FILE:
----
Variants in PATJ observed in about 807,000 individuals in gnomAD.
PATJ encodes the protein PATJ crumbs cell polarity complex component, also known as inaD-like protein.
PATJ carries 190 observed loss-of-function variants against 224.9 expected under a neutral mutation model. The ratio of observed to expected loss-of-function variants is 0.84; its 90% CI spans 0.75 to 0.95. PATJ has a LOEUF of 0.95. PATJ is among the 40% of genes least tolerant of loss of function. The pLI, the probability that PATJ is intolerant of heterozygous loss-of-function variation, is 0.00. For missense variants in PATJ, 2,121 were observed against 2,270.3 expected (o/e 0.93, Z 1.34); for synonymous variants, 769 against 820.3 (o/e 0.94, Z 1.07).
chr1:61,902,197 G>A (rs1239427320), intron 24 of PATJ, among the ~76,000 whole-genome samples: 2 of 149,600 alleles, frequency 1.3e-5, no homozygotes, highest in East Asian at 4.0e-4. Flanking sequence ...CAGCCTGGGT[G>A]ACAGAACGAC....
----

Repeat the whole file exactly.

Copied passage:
Variants in PATJ observed in about 807,000 individuals in gnomAD.
PATJ encodes the protein PATJ crumbs cell polarity complex component, also known as inaD-like protein.
PATJ carries 190 observed loss-of-function variants against 224.9 expected under a neutral mutation model. The ratio of observed to expected loss-of-function variants is 0.84; its 90% CI spans 0.75 to 0.95. PATJ has a LOEUF of 0.95. PATJ is among the 40% of genes least tolerant of loss of function. The pLI, the probability that PATJ is intolerant of heterozygous loss-of-function variation, is 0.00. For missense variants in PATJ, 2,121 were observed against 2,270.3 expected (o/e 0.93, Z 1.34); for synonymous variants, 769 against 820.3 (o/e 0.94, Z 1.07).
chr1:61,902,197 G>A (rs1239427320), intron 24 of PATJ, among the ~76,000 whole-genome samples: 2 of 149,600 alleles, frequency 1.3e-5, no homozygotes, highest in East Asian at 4.0e-4. Flanking sequence ...CAGCCTGGGT[G>A]ACAGAACGAC....